A Reserve Bank of India committee has recommended setting up a special category of banks with a primary role to provide payment services and deposit products to small businesses and low-income households.
Such banks, which may be categorised as Payments Banks, will be restricted to holding a maximum balance of Rs 50,000 (or around $800) per customer.
RBI had set up the Committee on Comprehensive Financial Services for Small Business and Low Income Households, under the chairmanship of Nachiket Mor, last September. RBI has sought comments from the public on the draft recommendations on or before January 24, 2014.
The committee said the proposed Payments Banks will be required to meet the CRR requirements applicable to all other banks and will also be required to deposit the balance proceeds in approved SLR securities with duration of no more than three months and will not be permitted to assume any kind of credit risks.
Given the near-zero risk of default, the minimum entry capital requirement for such banks will be Rs 50 crore compared to the Rs 500 crore required for full-service commercial banks in the country.
The existing banks should be permitted to create a Payments Bank as a subsidiary, the committee added.
The committee has also recommended a set of Wholesale Banks whose primary role would be to lend and would only accept deposits larger than Rs 5 crore.
Since other banks are expected to lend large amounts to such Wholesale Banks, those other banks will be permitted to deduct their net assets to the banking system from the computation of their ANBC (the amounts on which PSL requirements are to be applied).
In view of the fact that they will not take retail deposits, the minimum entry capital requirement for such banks will be Rs 50 crore compared to the Rs 500 crore required for full-service commercial banks.
Moreover, if such a bank has fewer than twenty branches, it will not be required to meet the 25 per cent branching requirement. Institutions with twenty or fewer branches could be referred to as Wholesale Investment Banks while those with a larger branch network could be referred to as Wholesale Consumer Banks, the committee noted in its draft report.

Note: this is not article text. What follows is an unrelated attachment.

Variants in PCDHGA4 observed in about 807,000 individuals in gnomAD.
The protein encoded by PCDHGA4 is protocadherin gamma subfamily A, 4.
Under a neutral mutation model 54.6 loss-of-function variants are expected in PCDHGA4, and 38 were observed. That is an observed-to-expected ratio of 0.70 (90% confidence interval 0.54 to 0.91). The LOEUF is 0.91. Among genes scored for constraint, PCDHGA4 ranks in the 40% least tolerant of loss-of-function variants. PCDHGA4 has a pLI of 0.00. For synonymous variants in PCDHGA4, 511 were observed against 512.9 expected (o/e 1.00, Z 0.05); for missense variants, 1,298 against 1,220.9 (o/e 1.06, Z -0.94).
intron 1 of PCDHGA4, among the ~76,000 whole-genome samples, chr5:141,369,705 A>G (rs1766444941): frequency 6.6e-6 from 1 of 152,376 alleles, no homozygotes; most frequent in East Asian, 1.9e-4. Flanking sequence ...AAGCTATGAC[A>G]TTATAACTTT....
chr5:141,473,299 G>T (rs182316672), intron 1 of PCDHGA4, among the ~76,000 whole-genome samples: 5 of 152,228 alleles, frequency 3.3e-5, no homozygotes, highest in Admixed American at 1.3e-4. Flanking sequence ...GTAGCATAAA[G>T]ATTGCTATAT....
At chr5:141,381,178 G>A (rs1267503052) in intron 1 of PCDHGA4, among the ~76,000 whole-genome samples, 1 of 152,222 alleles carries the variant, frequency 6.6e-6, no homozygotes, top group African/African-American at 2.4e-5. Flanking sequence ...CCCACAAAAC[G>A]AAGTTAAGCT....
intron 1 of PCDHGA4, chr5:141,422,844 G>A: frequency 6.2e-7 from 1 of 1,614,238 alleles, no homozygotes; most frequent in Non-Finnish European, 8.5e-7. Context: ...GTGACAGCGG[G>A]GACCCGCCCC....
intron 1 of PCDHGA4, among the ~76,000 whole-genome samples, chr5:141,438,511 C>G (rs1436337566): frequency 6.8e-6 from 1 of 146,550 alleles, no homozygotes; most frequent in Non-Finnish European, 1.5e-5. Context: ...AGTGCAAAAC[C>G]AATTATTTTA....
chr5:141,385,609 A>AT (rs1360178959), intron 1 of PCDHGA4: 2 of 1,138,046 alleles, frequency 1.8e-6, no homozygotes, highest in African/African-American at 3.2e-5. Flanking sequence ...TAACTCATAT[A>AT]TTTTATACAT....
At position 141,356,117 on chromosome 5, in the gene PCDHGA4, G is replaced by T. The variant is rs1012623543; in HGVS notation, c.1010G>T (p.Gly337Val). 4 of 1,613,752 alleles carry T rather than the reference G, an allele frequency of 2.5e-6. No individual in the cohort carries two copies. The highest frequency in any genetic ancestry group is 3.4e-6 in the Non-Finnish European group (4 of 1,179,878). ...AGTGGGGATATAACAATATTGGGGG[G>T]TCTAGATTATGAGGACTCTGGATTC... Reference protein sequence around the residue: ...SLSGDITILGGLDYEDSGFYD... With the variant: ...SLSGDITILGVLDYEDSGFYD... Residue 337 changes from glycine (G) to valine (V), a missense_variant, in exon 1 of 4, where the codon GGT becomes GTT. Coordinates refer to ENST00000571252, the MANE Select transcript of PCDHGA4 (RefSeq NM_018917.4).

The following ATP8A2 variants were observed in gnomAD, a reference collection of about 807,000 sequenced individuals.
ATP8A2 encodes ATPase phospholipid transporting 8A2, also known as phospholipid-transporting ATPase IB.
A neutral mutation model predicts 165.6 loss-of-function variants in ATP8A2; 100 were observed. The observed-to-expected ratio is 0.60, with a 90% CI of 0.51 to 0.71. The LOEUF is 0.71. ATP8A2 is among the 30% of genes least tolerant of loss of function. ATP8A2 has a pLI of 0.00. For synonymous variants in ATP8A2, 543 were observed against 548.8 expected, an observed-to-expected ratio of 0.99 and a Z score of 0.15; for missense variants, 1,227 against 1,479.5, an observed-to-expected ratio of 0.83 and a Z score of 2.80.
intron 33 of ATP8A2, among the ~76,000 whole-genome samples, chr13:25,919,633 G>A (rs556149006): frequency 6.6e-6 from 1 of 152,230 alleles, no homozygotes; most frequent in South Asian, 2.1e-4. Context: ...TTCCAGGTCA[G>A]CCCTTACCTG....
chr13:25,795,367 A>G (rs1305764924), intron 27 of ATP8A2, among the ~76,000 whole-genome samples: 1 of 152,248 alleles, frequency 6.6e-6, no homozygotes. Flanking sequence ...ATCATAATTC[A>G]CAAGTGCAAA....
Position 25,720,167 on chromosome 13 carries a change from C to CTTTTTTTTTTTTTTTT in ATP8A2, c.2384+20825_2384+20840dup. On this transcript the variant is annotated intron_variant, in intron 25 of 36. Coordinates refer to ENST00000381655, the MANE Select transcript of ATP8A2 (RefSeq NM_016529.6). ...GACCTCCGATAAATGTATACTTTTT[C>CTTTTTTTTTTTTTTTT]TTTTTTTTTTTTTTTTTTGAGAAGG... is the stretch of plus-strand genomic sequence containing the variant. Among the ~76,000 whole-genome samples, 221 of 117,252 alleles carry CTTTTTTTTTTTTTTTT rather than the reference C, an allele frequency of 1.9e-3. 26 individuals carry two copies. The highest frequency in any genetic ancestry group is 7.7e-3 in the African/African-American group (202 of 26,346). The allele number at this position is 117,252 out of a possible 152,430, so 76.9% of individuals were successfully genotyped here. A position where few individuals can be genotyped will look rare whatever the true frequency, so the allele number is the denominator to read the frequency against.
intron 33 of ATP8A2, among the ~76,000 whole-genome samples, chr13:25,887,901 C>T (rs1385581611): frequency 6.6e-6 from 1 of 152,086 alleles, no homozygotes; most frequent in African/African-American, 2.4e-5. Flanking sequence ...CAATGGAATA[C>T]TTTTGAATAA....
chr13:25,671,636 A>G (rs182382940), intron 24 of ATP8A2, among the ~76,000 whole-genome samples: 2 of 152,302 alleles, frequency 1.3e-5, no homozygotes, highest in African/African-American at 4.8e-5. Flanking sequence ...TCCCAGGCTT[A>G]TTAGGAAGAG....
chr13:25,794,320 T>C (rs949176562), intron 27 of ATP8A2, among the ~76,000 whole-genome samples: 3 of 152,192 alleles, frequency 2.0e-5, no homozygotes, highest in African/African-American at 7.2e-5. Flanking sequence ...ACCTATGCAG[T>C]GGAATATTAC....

The committee, while laying down its vision statement for financial inclusion and deepening, has suggested providing a universal bank account to all Indians above the age of eighteen years.
On priority sector, the committee has recommended adjusted priority sector lending target of 50 per cent against the current requirement of 40 per cent with sectoral and regional weightages based on the level of difficulty in lending. It has also recommended risks and liquidity transfers through markets. In view of the fact that banks may choose to focus their priority sector strategies on different customer segments and asset classes, the committee has recommended that the regulator should provide specific guidance on differential provisioning norms at the level of each asset class.
On the definition of Non-Banking Finance Companies (NBFCs), the committee has recommended only two categories – one for core investment companies and another category for all other NBFCs. It has advocated regulatory convergence between banks and NBFCs based on the principle of neutrality with regard to classification of non-performing assets and the Securitisation and Reconstruction of Financial Assets and Enforcement of Security Interest (SARFAESI) Act, 2002 eligibility.
The committee has also said that a State Finance Regulatory Commission (SFRC) be created into which all the existing state government-level regulators could be merged and functions like the regulation of NGOs, microfinance institutions and local money services business could be added on.
Meanwhile, two members of the committee Axis Bank chief Shikha Sharma and SS Mundra, CMD of Bank of Baroda, noted their opposing views on some of the recommendations of the other members and in a separate note mooted the proposal for ‘Priority Sector Deposits’ (PSD).
They have suggested that RBI may consider identifying certain deposits as PSD and provide certain enablers to the banking system towards achievement of the same. They said PSD would act as a catalyst for the banking system to penetrate into hitherto unbanked regions.
The two bankers said such PSDs may include deposits originating from identified districts in under-banked/unbanked regions and deposits from weaker section and those below the poverty line. They added that since banks shall incur relatively higher costs for origination and servicing of PSD they may be incentivised for actively pursuing PSDs with relaxed Priority Sector Lending (PSL) targets and exemption from maintaining the requisite investments in CRR and SLR securities corresponding to these PSD.
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